February’s art for the Art Bead Scene challenge was this 1925 Vogue cover. The artist, Sonia Delaunay, came to Paris at the turn of the 1900s to join the avant-garde movement. She and her husband pioneered an abstract form of art called “simultaneism” which was characterized by dynamic contrasting colors and shapes.
You can certainly see the dramatic effect of shape and color in this piece. Her art frequently celebrated the excitement of urban life. The 1920s was a time of dramatic change for America as the promise of a new century gleamed in every automobile, every electric light, every new fashion, and every new style of art. This magazine cover feels of adventure, exploration, of an afternoon picnic and driving tour.
In creating jewelry inspired by this artwork, I did initially experiment with the patterns and graphic elements, but it didn’t feel like me. I don’t wear bold geometric designs, especially with harsh metallic angles like this piece accentuates. And I wasn’t all that fond of the bright contrasting hues of red-orange and navy. So I had to think about what I had in common with the scene. Obviously we’re to feel excited by the prospect of travel and the independence that having a personal automobile would provide. I’m always up for a drive (after taking Dramamine of course) and when I have an afternoon for leisure, I head to the forest. And voila, the necklace was born.
The bright orange was subdued somewhat and paired with warm copper to feel like autumn woods on a bright afternoon. I decided to add a touch of the orange color with a technique I had been wanting to try. My favorite jewelry artist, Heather Powers, came out with a new book of metal and polymer clay techniques for jewelry. I received it as a Christmas present and had been eager to try out her tutorial for clay berry headpins. I made up several for this project – you mix clay to the desired color and press it into shape around the end of wire. Before baking you sprinkle the clay with embossing powder. As the clay sets up the powder melts and leaves a subtle shine of gold (or whatever color you use) on the top. I really enjoyed making these and hope to use more soon. I layered these berries against a hand-cut and textured copper leaf. To bring a bit of contrast, and echo to the more industrial elements in the art, I used dark gunmetal-finish wire to make a wire wreath with little tendrils – I love making these. Some Czech glass beads, bead caps, and a polymer clay of teal and orange made by Heather give a bit more color and finish up the design.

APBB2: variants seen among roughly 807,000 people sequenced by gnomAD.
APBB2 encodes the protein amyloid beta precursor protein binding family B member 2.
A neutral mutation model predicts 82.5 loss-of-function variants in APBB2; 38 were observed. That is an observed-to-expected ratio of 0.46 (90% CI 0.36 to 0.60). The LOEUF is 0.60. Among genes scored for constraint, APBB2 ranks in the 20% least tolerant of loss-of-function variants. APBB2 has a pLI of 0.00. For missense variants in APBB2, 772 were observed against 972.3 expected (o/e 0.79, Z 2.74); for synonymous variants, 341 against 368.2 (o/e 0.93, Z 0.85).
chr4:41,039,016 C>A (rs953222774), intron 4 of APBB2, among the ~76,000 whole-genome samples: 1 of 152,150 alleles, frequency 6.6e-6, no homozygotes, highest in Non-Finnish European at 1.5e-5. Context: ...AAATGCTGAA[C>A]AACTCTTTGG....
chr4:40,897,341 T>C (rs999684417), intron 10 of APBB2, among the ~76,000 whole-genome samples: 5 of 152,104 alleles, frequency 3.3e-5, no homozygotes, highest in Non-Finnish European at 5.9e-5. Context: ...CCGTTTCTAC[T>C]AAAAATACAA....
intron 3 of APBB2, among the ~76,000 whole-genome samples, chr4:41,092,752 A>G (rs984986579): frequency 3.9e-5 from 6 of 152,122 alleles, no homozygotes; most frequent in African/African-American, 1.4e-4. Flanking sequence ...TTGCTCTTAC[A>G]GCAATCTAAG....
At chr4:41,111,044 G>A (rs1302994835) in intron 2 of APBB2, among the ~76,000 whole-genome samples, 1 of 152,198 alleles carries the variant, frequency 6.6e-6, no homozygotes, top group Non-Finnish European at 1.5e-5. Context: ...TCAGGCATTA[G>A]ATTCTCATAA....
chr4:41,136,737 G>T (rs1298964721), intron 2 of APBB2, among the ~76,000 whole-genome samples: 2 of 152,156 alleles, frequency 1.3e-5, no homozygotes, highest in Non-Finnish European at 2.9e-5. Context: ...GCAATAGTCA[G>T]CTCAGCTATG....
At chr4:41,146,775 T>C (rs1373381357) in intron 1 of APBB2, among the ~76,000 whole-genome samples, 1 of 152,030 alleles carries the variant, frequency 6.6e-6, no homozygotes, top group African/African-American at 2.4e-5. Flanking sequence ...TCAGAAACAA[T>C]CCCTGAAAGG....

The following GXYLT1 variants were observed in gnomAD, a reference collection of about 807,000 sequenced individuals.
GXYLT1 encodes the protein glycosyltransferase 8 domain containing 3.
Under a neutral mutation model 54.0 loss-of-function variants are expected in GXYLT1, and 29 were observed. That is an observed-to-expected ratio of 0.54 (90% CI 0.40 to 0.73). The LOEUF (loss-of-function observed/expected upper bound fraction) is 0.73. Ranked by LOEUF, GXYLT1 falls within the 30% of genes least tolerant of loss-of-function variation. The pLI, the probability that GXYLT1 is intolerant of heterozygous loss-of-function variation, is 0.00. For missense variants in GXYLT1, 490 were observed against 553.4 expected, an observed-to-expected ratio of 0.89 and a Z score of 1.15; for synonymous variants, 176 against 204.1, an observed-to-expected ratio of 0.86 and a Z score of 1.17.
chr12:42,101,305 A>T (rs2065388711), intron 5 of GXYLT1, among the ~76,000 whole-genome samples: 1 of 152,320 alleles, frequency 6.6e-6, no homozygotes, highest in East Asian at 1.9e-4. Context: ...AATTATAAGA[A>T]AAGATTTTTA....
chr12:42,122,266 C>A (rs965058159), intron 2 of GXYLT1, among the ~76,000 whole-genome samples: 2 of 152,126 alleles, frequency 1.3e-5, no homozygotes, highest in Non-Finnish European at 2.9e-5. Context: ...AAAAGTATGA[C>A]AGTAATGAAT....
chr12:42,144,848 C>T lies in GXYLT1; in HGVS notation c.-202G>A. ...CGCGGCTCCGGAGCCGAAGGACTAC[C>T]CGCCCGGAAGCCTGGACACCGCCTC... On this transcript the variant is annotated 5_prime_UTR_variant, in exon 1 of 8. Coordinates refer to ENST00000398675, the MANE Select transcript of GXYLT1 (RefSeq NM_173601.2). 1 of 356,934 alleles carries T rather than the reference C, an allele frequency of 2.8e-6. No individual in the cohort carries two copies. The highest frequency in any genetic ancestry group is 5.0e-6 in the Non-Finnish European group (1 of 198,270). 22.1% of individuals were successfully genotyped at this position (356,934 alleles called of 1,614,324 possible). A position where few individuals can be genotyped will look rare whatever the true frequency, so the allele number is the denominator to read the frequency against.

And the earrings are basically all the main elements of the necklace in smaller scale. I used only 1 berry headpin on these and cut the wire long so I could curl the edge up into more tendrils.
In the end, I’m most pleased with the set. It doesn’t look directly inspired by the magazine cover, but I was able to pull a few elements that I liked from the art to make something that I love. The jewelry speaks to me of happy things – warm sunlight on berries, leaves turning golden and brown, whispers of autumn, twigs, and days filled with the beauty of nature. Anyone else ready for a drive into the woods?
Blessings to you,
A lovely set and great interpretation, Sarah. You’re so talented! 🙂
Thanks Eliza! The monthly challenges have really been growing me as an artist.